When we first started JagaSilk, we used to carry $20 chasen (bamboo whisks) and didn’t think too much of it. Until we started to get higher volume clients. We started to see the whisks fall apart at a faster and faster rate. On top of that, we were made aware that our supplier was buying Chinese made whisks and selling them as Japanese through an exposé. China makes some fantastic products, but we have not seen good chasen among them. We therefore looked into sourcing our whisks like we do our maccha and met up with the Kubo family in Nara and started bringing in their whisks in 2008.
“Many bamboo whisks have been sprayed with herbicides and pesticides”
We learned that when you see a silica pouch in the package with your whisk, it is a sign that it hasn’t been dried properly (and has likely been sprayed with anti-molding agents). We learned that if you don’t select the right bamboo, it can be too dense or not dense enough. We learned that many bamboo whisks have been sprayed with herbicides and pesticides. We learned that the weave tied at the bottom of the fronds keeps the whisk together: tied tight and it will remain circular after whisking, loose and it warps; tied low and the whisk maintains its shape, too high and it closes in on itself.
“The curl you see on the tips many whisks is the norm, but it is for show and not practical.”
The Kubo family have been cutting chasen for 25 generations (over 500 years). They have 2 certified living treasures. We asked them what they would recommend for cafes and they suggested their “Shin” chasen (pictured at the top of this article above on the left). For this whisk, they cut the tips to 1/600th of a millimetre instead of 1/700th of a millimetre, prioritizing strength over aesthetic. The curl you see on the tips many whisks is the norm, but it is for show and not practical, and requires that weaker 1/700th millimetre. (Their “Apprentice” chasen we carry is cut by their apprentices using blemished wood, and allows for retail customers to take home a clean whisk for a lower price, and has the curled tips.)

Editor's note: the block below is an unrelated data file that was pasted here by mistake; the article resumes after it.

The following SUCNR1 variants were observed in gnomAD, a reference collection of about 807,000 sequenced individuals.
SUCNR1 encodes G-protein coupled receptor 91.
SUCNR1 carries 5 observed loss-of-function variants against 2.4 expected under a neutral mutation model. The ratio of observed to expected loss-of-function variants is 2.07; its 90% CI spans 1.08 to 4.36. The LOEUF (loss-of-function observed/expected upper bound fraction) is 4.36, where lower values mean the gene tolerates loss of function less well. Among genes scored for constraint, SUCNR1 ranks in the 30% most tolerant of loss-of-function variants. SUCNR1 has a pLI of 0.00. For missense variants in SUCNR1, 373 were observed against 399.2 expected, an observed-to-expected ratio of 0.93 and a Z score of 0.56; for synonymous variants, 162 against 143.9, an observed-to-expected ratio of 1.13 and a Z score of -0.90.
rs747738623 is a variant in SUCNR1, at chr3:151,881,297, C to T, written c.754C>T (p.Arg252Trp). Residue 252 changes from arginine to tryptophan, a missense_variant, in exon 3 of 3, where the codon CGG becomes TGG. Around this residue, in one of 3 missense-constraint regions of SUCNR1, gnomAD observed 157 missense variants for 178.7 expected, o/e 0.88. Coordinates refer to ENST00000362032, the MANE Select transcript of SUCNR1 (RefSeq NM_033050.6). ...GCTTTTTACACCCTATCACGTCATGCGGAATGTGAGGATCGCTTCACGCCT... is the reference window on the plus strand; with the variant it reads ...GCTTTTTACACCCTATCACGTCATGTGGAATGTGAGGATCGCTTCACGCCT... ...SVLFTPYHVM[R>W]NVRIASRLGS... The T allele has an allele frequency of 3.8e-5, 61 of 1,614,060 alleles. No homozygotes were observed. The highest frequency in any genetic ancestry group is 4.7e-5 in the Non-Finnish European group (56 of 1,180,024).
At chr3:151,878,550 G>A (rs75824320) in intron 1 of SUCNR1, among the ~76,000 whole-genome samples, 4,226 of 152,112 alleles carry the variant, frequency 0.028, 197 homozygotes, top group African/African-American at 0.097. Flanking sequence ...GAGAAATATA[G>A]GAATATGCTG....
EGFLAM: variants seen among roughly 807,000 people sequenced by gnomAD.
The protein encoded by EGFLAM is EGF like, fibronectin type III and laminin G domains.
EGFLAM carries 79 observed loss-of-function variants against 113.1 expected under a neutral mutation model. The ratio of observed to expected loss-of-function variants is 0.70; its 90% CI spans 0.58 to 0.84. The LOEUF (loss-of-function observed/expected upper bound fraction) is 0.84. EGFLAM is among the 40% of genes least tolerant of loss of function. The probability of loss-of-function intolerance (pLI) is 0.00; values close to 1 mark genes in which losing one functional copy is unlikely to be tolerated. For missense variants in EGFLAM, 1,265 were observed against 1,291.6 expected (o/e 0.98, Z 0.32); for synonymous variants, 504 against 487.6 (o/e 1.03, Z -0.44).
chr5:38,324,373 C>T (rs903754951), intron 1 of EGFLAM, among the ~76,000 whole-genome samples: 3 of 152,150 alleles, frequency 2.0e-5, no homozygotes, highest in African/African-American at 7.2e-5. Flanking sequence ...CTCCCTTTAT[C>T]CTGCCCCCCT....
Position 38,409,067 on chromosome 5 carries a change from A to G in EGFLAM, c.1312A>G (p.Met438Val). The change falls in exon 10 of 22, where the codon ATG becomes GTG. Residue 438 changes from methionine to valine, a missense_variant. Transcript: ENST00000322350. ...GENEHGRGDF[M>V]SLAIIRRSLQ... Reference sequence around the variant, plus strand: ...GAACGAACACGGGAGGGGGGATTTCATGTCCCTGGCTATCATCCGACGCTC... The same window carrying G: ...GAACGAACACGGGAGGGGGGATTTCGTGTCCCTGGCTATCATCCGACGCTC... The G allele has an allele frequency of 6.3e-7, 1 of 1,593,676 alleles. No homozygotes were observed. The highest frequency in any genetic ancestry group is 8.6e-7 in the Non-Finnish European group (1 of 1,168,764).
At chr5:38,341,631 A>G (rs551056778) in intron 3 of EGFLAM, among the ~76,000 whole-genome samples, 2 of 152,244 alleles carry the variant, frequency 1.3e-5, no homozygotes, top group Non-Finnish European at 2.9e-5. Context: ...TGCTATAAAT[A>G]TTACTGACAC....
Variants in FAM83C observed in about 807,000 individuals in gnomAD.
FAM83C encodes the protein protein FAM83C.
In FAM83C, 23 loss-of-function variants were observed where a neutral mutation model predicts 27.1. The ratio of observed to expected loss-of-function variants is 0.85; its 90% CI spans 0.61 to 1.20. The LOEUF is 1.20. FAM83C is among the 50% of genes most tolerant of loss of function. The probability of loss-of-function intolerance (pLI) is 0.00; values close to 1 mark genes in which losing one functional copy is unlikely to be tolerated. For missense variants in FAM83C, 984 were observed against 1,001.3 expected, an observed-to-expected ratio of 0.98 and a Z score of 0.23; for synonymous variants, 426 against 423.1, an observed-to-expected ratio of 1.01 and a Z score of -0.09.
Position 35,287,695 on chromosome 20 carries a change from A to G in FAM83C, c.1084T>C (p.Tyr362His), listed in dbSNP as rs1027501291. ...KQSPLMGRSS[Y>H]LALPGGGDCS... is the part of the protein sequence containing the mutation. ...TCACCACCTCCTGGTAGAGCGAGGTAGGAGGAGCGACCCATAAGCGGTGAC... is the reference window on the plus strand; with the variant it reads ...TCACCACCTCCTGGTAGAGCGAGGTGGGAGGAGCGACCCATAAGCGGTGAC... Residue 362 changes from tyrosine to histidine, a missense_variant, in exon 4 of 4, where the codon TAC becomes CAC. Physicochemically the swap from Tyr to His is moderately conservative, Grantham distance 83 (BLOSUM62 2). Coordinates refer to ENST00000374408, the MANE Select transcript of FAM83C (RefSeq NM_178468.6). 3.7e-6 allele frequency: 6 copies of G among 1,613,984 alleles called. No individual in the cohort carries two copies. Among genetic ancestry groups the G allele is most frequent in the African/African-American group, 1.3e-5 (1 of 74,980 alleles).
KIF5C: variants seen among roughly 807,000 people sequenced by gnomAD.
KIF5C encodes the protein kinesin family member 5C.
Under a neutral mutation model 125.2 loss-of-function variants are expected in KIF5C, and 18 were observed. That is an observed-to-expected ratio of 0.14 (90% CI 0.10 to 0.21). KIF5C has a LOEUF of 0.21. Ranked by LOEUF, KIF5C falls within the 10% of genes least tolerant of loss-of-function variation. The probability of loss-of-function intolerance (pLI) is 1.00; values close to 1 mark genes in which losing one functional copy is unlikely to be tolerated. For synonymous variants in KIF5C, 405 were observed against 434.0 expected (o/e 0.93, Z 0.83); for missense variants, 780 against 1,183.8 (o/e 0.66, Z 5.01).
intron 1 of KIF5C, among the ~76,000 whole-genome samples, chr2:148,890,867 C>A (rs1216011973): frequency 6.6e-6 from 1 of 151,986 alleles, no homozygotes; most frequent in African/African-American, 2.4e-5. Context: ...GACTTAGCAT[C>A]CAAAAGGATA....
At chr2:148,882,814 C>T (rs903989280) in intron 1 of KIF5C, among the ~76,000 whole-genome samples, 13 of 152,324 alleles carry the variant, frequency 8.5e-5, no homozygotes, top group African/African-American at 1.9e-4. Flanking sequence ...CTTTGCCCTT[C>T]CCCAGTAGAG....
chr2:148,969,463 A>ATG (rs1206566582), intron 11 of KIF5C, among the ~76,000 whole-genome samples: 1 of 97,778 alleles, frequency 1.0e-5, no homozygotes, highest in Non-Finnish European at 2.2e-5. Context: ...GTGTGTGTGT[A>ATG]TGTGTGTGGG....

We decided to take the Shin on a trial and had a client going through 4kg of maccha a month in their cafe (and a chasen a month) use the Shin chasen. The owner wrote the date he started using the whisk on the bottom ledge of the chasen and was blown away to see it last 6 months. He started using our whisks and never looked back.
Not every whisk is perfect. They can crack (due to an overly dry environment), they can break sooner than previous strong ones due to wood density, they can warp a bit, but the reality we have seen on the ground is that Shin whisks are next level and we are proud to sell them.
“…we replace them when the tips start noticeably breaking off.”
They last longer if you soak them fronds down in hot water for 10 mins during the open and at close. We even soak them a bit during service if they have dried out a bit too much. This keeps the fronds supple and less prone to break. We always keep them on a chasen’naoshi to protect their shape – we never put it on the stand one-handed (otherwise it can snap like the whisk on the right in the pic at the top of the page). We have our staff complete a bar test and then give them their own whisk to keep in good shape for at least a year before replacing. This was inspired by a client that did that with tampers for their baristas and then started doing it with the whisks as well. We use wood chasen’naoshi so that the moisture absorbs off the whisk and releases back in the air – this prevents molding of the inner core. We never put them in the dishwasher. And we replace them when the tips start noticeably breaking off.
With good technique – a good pendulum front and back even whisk, no “digging”, an even speed (not too fast nor too slow) and a feathery touch (the pressure of lightly brushing your teeth), your whisks will last. Replacing every 6-12 months with decent volume of service is a good pace. Keep good care of your chasen and it will take good care of you. 🙂